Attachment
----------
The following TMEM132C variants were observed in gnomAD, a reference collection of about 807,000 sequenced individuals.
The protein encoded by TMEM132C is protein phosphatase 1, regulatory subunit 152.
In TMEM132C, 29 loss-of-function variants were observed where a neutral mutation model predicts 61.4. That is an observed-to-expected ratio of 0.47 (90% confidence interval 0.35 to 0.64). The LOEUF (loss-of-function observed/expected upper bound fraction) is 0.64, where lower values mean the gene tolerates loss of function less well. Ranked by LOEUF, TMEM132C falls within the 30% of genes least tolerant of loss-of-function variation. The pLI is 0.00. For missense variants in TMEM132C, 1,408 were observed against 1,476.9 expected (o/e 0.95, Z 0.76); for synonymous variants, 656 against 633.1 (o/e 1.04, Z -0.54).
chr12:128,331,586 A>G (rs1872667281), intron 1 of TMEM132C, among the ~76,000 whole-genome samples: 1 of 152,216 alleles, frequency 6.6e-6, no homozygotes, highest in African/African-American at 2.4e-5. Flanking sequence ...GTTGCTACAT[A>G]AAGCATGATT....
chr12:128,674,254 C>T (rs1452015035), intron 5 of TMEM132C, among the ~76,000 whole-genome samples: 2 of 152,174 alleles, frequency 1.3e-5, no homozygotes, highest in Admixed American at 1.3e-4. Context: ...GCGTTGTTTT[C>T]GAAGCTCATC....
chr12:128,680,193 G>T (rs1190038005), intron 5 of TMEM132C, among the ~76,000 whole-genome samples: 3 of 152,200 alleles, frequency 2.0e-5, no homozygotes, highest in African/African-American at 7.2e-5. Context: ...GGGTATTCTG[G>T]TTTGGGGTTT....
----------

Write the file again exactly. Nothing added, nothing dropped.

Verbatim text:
The following TMEM132C variants were observed in gnomAD, a reference collection of about 807,000 sequenced individuals.
The protein encoded by TMEM132C is protein phosphatase 1, regulatory subunit 152.
In TMEM132C, 29 loss-of-function variants were observed where a neutral mutation model predicts 61.4. That is an observed-to-expected ratio of 0.47 (90% confidence interval 0.35 to 0.64). The LOEUF (loss-of-function observed/expected upper bound fraction) is 0.64, where lower values mean the gene tolerates loss of function less well. Ranked by LOEUF, TMEM132C falls within the 30% of genes least tolerant of loss-of-function variation. The pLI is 0.00. For missense variants in TMEM132C, 1,408 were observed against 1,476.9 expected (o/e 0.95, Z 0.76); for synonymous variants, 656 against 633.1 (o/e 1.04, Z -0.54).
chr12:128,331,586 A>G (rs1872667281), intron 1 of TMEM132C, among the ~76,000 whole-genome samples: 1 of 152,216 alleles, frequency 6.6e-6, no homozygotes, highest in African/African-American at 2.4e-5. Flanking sequence ...GTTGCTACAT[A>G]AAGCATGATT....
chr12:128,674,254 C>T (rs1452015035), intron 5 of TMEM132C, among the ~76,000 whole-genome samples: 2 of 152,174 alleles, frequency 1.3e-5, no homozygotes, highest in Admixed American at 1.3e-4. Context: ...GCGTTGTTTT[C>T]GAAGCTCATC....
chr12:128,680,193 G>T (rs1190038005), intron 5 of TMEM132C, among the ~76,000 whole-genome samples: 3 of 152,200 alleles, frequency 2.0e-5, no homozygotes, highest in African/African-American at 7.2e-5. Context: ...GGGTATTCTG[G>T]TTTGGGGTTT....